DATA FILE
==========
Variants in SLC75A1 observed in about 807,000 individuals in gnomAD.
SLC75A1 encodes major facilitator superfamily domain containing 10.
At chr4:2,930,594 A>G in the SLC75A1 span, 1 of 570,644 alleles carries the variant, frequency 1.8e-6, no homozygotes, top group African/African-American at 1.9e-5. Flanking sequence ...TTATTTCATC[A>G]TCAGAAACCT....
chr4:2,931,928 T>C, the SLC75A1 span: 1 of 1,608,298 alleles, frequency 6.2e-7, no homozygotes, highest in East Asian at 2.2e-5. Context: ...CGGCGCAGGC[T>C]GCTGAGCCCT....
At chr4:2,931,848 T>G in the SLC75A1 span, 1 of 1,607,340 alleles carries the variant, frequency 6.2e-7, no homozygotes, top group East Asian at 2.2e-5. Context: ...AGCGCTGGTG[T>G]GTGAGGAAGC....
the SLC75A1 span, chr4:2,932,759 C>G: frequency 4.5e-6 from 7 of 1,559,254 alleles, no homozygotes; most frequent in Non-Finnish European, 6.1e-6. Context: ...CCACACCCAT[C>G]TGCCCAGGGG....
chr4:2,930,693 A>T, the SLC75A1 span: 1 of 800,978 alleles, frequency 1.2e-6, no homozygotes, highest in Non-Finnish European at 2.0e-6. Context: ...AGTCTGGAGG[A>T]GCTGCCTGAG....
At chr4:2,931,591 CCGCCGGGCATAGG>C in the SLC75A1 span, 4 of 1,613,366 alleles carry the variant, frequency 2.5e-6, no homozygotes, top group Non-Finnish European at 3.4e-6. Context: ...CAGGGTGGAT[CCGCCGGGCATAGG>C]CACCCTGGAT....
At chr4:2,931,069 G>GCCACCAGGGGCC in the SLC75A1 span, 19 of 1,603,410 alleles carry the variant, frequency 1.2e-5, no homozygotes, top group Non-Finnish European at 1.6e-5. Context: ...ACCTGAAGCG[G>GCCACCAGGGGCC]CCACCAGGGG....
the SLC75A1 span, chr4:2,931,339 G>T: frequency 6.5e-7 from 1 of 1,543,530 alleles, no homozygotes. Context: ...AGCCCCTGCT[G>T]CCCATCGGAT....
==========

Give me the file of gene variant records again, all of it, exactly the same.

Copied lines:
Variants in SLC75A1 observed in about 807,000 individuals in gnomAD.
SLC75A1 encodes major facilitator superfamily domain containing 10.
At chr4:2,930,594 A>G in the SLC75A1 span, 1 of 570,644 alleles carries the variant, frequency 1.8e-6, no homozygotes, top group African/African-American at 1.9e-5. Flanking sequence ...TTATTTCATC[A>G]TCAGAAACCT....
chr4:2,931,928 T>C, the SLC75A1 span: 1 of 1,608,298 alleles, frequency 6.2e-7, no homozygotes, highest in East Asian at 2.2e-5. Context: ...CGGCGCAGGC[T>C]GCTGAGCCCT....
At chr4:2,931,848 T>G in the SLC75A1 span, 1 of 1,607,340 alleles carries the variant, frequency 6.2e-7, no homozygotes, top group East Asian at 2.2e-5. Context: ...AGCGCTGGTG[T>G]GTGAGGAAGC....
the SLC75A1 span, chr4:2,932,759 C>G: frequency 4.5e-6 from 7 of 1,559,254 alleles, no homozygotes; most frequent in Non-Finnish European, 6.1e-6. Context: ...CCACACCCAT[C>G]TGCCCAGGGG....
chr4:2,930,693 A>T, the SLC75A1 span: 1 of 800,978 alleles, frequency 1.2e-6, no homozygotes, highest in Non-Finnish European at 2.0e-6. Context: ...AGTCTGGAGG[A>T]GCTGCCTGAG....
At chr4:2,931,591 CCGCCGGGCATAGG>C in the SLC75A1 span, 4 of 1,613,366 alleles carry the variant, frequency 2.5e-6, no homozygotes, top group Non-Finnish European at 3.4e-6. Context: ...CAGGGTGGAT[CCGCCGGGCATAGG>C]CACCCTGGAT....
At chr4:2,931,069 G>GCCACCAGGGGCC in the SLC75A1 span, 19 of 1,603,410 alleles carry the variant, frequency 1.2e-5, no homozygotes, top group Non-Finnish European at 1.6e-5. Context: ...ACCTGAAGCG[G>GCCACCAGGGGCC]CCACCAGGGG....
the SLC75A1 span, chr4:2,931,339 G>T: frequency 6.5e-7 from 1 of 1,543,530 alleles, no homozygotes. Context: ...AGCCCCTGCT[G>T]CCCATCGGAT....